The third annual H. C. Andersen Festivals
(with an s!) took place here in Odense, Denmark on 16-23 August 2015. There had
been problems the previous years with no public transportation, standing room
only and no big screens, but surely, these problems must have been solved by
Wrong. Looking through the programme, I
could see that I had to skip the events that I wanted to see the most, namely a
production of Hans Christian Andersen’s fairy tale “The Flying Trunk” featuring
the Italian acrobats eVènti Verticali, a music and performance show of
Andersen’s “The Little Match Girl” and a dance performance of Andersen’s
“Thumbelina”. Reason? Standing room only and no public transportation in the
city centre after dark. Oh well, I had to find something else to see then, and
Monday I went to the Art Street, but as usual,
there was not much art in the street, only the usual carpet and cushions on
wooden pallets. Eventually, I managed to find a few funny sculptures of animals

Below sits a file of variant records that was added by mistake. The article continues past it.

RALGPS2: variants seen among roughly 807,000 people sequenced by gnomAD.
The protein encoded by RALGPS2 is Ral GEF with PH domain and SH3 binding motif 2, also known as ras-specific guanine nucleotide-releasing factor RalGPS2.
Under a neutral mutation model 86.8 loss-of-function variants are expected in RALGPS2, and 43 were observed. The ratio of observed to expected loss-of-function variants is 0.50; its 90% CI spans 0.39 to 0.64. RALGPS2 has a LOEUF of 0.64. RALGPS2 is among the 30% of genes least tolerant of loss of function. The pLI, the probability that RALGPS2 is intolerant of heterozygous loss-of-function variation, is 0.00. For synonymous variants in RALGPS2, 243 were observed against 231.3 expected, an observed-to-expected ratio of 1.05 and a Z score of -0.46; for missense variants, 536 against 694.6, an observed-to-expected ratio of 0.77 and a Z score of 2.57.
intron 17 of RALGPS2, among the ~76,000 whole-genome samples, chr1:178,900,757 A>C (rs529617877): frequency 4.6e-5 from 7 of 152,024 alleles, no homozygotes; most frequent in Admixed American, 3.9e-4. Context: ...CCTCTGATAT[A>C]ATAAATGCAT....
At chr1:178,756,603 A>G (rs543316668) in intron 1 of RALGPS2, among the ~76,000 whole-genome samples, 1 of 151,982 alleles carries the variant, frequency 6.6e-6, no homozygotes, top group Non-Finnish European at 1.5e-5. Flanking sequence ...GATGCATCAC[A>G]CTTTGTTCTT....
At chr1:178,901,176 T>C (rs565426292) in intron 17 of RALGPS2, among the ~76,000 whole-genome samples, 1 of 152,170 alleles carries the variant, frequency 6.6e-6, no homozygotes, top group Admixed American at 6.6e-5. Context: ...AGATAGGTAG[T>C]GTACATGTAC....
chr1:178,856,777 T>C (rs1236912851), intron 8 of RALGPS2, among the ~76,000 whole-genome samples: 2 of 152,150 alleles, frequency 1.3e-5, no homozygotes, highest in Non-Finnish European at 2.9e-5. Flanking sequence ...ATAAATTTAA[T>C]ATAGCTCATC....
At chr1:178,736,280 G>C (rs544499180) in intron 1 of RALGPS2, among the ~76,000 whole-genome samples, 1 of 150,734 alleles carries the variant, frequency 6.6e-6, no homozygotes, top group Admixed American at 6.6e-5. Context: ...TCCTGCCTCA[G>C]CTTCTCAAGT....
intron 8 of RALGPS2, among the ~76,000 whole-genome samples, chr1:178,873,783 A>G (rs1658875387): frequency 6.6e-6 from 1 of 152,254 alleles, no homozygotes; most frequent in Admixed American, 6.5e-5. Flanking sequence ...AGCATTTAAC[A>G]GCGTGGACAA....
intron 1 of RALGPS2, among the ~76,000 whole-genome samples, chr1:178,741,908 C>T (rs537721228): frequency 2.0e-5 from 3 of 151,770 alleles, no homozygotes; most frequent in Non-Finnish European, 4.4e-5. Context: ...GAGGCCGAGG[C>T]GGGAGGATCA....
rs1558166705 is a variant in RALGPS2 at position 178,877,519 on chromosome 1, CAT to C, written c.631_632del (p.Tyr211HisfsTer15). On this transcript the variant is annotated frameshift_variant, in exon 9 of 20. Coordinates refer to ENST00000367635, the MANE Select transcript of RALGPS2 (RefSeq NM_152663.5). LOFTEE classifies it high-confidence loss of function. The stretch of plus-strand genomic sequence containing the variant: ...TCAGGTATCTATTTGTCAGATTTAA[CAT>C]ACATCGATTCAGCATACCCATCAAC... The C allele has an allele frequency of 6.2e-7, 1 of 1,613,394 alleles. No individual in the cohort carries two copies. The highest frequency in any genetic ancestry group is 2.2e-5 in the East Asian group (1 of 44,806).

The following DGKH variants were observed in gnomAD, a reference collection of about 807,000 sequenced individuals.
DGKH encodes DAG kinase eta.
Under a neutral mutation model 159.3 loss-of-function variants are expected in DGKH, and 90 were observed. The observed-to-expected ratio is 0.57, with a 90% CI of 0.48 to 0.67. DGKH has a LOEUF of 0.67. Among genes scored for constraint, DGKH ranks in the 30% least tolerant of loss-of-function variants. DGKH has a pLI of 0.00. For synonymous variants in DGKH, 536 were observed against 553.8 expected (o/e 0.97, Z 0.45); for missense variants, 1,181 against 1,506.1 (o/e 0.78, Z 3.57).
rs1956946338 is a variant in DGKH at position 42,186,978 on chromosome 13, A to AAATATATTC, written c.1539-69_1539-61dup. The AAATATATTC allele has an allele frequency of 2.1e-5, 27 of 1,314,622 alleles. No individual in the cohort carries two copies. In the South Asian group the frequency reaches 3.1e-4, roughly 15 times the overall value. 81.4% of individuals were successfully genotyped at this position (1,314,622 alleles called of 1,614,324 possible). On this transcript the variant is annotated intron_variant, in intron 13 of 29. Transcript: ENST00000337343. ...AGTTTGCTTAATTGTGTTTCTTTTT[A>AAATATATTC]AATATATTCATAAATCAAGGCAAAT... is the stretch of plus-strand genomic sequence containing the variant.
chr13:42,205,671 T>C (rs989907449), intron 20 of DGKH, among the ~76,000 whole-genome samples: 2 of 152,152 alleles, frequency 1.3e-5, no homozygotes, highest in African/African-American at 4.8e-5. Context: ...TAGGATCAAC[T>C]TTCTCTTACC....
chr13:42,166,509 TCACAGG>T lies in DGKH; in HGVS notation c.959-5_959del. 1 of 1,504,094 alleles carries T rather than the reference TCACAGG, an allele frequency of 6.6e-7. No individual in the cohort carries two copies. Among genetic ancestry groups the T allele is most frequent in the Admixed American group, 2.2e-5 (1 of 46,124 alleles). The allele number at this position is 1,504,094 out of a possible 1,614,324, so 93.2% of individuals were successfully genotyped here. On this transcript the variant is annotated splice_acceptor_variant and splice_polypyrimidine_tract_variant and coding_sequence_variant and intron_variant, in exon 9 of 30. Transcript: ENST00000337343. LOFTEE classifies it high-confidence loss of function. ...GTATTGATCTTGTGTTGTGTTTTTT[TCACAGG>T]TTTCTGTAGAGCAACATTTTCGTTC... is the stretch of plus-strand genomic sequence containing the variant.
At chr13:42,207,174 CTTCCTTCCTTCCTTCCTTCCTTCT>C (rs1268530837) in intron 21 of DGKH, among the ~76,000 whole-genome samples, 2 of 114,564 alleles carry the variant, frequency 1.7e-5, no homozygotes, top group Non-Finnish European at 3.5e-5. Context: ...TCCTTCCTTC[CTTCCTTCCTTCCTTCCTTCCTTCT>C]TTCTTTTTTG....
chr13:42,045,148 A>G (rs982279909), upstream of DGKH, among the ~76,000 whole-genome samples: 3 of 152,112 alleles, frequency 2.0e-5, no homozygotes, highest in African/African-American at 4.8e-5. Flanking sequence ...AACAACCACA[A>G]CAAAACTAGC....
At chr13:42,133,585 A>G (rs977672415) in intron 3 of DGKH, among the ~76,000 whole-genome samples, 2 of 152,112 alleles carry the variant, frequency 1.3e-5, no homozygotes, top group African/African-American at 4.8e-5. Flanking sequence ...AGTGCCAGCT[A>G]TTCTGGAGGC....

and I liked the horses the best. Like previous years, artworks by the usual
suspects such as Narcis Gironell, Quim Domene, Laurent Chabolle and Anne Brérot
could be found in Gallery Rasmus.
Two out of five stars: **
The censored art exhibition in the Art
Exhibition Building was next, but unfortunately it was as awful as usual and
this year I wasn’t even allowed to vote for the best work, as I was on crutches
due to a partial knee replacement seven weeks ago! Of the ones who were offered
a ballot paper, I saw several using the exhibited paintings as blotting pads…
Zero out of five stars:
Tuesday I didn’t see anything, as I had to
recover from the day before, but Wednesday I went to see “a whimsical
installation full of magic and your own adventure” as it said in the festival
programme. A mirror maze was supposed to be situated in the installation along
with big puppets on a string, but when I arrived (within the opening hours),
the installation – which was just a small pavilion with room for a few kids –
was closed. What a disappointment!
Zero out of five stars:
Then I went on to Brandts Square, which the
programme had promised would be turned into Aladdin’s cave with belly dancers,
genies, exotic spices and real live camels, but there was nothing of that sort.
Only a few paper lanterns and more cushions on wooden pallets. The local
symphony orchestra was just finishing a concert on the amphi stage, but I
couldn’t find a place to sit and watch it as all seats were taken and Danes
never offer their seats to anybody, no matter if you are handicapped, pregnant,